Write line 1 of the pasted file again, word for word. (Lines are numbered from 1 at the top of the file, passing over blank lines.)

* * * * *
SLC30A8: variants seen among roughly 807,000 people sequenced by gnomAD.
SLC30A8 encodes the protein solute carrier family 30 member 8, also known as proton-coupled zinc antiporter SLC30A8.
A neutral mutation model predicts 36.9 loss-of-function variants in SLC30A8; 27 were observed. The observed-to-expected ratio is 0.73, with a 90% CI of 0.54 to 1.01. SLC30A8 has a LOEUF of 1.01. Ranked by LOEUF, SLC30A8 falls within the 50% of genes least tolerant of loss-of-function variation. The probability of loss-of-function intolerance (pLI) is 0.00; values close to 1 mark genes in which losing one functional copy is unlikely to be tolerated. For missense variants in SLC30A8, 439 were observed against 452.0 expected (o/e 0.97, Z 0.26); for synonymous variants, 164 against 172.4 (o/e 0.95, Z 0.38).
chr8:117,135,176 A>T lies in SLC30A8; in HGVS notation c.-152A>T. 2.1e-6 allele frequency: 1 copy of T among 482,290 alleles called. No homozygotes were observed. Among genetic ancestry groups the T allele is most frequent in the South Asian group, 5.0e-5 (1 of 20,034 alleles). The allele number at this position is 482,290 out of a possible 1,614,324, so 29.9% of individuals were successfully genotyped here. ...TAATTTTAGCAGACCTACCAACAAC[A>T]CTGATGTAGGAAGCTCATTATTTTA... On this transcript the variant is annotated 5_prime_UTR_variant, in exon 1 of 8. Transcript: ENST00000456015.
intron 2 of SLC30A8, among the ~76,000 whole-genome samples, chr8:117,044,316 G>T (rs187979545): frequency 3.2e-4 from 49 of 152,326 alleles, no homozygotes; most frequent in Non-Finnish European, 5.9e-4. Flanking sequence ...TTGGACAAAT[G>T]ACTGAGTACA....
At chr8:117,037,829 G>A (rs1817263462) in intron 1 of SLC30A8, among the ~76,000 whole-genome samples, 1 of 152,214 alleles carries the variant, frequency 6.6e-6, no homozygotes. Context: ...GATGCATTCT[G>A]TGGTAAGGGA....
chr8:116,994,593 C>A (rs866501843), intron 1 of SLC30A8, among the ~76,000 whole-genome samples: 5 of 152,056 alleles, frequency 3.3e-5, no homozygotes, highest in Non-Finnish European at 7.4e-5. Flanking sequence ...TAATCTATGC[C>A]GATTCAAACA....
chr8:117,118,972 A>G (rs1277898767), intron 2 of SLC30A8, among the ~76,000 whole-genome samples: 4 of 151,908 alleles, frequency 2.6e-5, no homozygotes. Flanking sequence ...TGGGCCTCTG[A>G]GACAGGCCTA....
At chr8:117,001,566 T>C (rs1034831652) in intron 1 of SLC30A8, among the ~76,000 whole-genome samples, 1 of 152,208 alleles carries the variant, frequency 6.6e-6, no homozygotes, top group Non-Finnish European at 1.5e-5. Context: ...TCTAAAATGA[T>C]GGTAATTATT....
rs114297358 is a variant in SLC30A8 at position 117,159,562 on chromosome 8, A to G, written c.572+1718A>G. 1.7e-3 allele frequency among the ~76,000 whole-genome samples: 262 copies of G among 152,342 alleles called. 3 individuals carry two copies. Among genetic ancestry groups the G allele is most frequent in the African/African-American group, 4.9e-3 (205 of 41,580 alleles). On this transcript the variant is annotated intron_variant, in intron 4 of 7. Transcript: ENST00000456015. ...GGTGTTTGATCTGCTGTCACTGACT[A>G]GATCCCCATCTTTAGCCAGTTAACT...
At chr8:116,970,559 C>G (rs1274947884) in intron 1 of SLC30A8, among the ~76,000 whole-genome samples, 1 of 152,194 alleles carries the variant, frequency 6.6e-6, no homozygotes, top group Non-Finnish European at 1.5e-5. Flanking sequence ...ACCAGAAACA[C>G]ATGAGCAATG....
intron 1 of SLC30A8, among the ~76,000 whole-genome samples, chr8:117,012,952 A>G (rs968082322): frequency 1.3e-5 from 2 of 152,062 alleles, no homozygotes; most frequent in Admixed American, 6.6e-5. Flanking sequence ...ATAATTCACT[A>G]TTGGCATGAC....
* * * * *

SLC30A8: variants seen among roughly 807,000 people sequenced by gnomAD.